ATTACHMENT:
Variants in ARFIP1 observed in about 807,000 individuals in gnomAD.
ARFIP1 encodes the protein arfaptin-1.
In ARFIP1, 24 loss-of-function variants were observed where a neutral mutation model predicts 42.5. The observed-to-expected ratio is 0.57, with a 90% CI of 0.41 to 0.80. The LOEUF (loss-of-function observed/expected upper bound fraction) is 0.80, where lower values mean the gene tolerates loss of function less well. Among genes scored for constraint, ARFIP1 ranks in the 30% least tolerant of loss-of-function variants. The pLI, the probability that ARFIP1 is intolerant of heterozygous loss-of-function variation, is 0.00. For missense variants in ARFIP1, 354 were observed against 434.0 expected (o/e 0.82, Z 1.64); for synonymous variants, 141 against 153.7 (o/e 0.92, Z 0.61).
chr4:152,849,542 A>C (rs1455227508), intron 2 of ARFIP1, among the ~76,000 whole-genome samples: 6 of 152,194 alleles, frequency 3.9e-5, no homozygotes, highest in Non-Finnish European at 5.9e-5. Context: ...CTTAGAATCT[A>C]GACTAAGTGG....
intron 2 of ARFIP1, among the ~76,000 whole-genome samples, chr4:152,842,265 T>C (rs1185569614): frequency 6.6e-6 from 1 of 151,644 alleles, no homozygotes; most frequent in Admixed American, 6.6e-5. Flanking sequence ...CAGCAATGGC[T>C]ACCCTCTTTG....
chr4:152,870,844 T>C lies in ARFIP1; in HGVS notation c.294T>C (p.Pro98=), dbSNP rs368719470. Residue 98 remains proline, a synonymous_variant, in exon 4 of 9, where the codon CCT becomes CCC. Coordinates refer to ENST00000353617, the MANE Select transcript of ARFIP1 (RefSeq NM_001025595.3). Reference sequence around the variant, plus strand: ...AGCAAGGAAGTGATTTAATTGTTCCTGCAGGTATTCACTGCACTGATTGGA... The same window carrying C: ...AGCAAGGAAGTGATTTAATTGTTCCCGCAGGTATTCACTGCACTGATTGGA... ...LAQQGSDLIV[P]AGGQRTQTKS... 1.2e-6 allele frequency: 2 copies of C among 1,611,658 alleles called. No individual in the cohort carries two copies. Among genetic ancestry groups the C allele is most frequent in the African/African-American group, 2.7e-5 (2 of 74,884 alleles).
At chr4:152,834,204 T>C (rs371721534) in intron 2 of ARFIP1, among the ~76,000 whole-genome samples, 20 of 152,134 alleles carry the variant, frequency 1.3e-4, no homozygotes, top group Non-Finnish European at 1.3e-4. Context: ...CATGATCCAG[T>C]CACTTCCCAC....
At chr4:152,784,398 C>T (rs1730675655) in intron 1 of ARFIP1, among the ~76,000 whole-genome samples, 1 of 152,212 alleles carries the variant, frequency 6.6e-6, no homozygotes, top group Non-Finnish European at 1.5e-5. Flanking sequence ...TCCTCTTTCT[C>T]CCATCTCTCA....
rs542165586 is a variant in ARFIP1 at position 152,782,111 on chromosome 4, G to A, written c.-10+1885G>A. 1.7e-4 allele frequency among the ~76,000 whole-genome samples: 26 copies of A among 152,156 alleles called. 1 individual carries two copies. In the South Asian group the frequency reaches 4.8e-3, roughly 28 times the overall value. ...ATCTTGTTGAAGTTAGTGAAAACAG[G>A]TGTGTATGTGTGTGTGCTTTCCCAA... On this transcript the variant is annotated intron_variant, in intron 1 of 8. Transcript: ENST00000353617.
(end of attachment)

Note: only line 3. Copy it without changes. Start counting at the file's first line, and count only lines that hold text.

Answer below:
In ARFIP1, 24 loss-of-function variants were observed where a neutral mutation model predicts 42.5. The observed-to-expected ratio is 0.57, with a 90% CI of 0.41 to 0.80. The LOEUF (loss-of-function observed/expected upper bound fraction) is 0.80, where lower values mean the gene tolerates loss of function less well. Among genes scored for constraint, ARFIP1 ranks in the 30% least tolerant of loss-of-function variants. The pLI, the probability that ARFIP1 is intolerant of heterozygous loss-of-function variation, is 0.00. For missense variants in ARFIP1, 354 were observed against 434.0 expected (o/e 0.82, Z 1.64); for synonymous variants, 141 against 153.7 (o/e 0.92, Z 0.61).